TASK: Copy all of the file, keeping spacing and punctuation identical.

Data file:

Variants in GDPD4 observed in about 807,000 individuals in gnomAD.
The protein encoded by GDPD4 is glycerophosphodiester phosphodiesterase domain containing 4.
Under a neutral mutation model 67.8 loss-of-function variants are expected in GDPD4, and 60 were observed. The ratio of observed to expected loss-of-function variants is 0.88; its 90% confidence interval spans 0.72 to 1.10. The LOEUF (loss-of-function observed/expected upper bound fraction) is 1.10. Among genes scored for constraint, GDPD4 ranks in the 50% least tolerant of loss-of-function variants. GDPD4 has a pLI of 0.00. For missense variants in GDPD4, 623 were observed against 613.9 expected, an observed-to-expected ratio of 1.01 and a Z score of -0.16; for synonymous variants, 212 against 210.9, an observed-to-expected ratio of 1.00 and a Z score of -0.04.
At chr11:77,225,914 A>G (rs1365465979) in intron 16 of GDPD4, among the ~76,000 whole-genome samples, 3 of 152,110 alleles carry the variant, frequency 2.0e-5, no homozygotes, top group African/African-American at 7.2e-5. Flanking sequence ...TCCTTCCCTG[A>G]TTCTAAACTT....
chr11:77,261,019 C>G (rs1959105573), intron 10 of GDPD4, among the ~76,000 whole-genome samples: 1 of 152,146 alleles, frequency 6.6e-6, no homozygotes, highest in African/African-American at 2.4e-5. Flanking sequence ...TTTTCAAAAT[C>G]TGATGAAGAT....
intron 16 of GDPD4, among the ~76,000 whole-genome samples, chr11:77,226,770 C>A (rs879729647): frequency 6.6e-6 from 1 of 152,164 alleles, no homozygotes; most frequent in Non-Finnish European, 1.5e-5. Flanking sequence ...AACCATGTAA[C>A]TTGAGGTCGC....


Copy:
Variants in GDPD4 observed in about 807,000 individuals in gnomAD.
The protein encoded by GDPD4 is glycerophosphodiester phosphodiesterase domain containing 4.
Under a neutral mutation model 67.8 loss-of-function variants are expected in GDPD4, and 60 were observed. The ratio of observed to expected loss-of-function variants is 0.88; its 90% confidence interval spans 0.72 to 1.10. The LOEUF (loss-of-function observed/expected upper bound fraction) is 1.10. Among genes scored for constraint, GDPD4 ranks in the 50% least tolerant of loss-of-function variants. GDPD4 has a pLI of 0.00. For missense variants in GDPD4, 623 were observed against 613.9 expected, an observed-to-expected ratio of 1.01 and a Z score of -0.16; for synonymous variants, 212 against 210.9, an observed-to-expected ratio of 1.00 and a Z score of -0.04.
At chr11:77,225,914 A>G (rs1365465979) in intron 16 of GDPD4, among the ~76,000 whole-genome samples, 3 of 152,110 alleles carry the variant, frequency 2.0e-5, no homozygotes, top group African/African-American at 7.2e-5. Flanking sequence ...TCCTTCCCTG[A>G]TTCTAAACTT....
chr11:77,261,019 C>G (rs1959105573), intron 10 of GDPD4, among the ~76,000 whole-genome samples: 1 of 152,146 alleles, frequency 6.6e-6, no homozygotes, highest in African/African-American at 2.4e-5. Flanking sequence ...TTTTCAAAAT[C>G]TGATGAAGAT....
intron 16 of GDPD4, among the ~76,000 whole-genome samples, chr11:77,226,770 C>A (rs879729647): frequency 6.6e-6 from 1 of 152,164 alleles, no homozygotes; most frequent in Non-Finnish European, 1.5e-5. Flanking sequence ...AACCATGTAA[C>A]TTGAGGTCGC....